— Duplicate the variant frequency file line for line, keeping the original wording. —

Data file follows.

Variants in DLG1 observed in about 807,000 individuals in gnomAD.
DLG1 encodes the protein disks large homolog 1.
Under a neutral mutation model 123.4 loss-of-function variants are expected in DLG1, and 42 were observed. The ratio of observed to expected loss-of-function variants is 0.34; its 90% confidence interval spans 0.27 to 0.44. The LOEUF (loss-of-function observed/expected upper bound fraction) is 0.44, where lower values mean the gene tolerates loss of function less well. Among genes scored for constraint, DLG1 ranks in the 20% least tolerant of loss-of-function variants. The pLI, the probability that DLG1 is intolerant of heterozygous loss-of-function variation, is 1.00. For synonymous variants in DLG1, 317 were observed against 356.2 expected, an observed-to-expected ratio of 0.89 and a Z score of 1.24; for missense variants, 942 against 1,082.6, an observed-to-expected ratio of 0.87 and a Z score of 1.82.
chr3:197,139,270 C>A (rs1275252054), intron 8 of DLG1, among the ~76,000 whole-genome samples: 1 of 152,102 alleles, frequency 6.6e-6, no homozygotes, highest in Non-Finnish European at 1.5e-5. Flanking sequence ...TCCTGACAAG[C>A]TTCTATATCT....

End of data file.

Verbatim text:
Variants in DLG1 observed in about 807,000 individuals in gnomAD.
DLG1 encodes the protein disks large homolog 1.
Under a neutral mutation model 123.4 loss-of-function variants are expected in DLG1, and 42 were observed. The ratio of observed to expected loss-of-function variants is 0.34; its 90% confidence interval spans 0.27 to 0.44. The LOEUF (loss-of-function observed/expected upper bound fraction) is 0.44, where lower values mean the gene tolerates loss of function less well. Among genes scored for constraint, DLG1 ranks in the 20% least tolerant of loss-of-function variants. The pLI, the probability that DLG1 is intolerant of heterozygous loss-of-function variation, is 1.00. For synonymous variants in DLG1, 317 were observed against 356.2 expected, an observed-to-expected ratio of 0.89 and a Z score of 1.24; for missense variants, 942 against 1,082.6, an observed-to-expected ratio of 0.87 and a Z score of 1.82.
chr3:197,139,270 C>A (rs1275252054), intron 8 of DLG1, among the ~76,000 whole-genome samples: 1 of 152,102 alleles, frequency 6.6e-6, no homozygotes, highest in Non-Finnish European at 1.5e-5. Flanking sequence ...TCCTGACAAG[C>A]TTCTATATCT....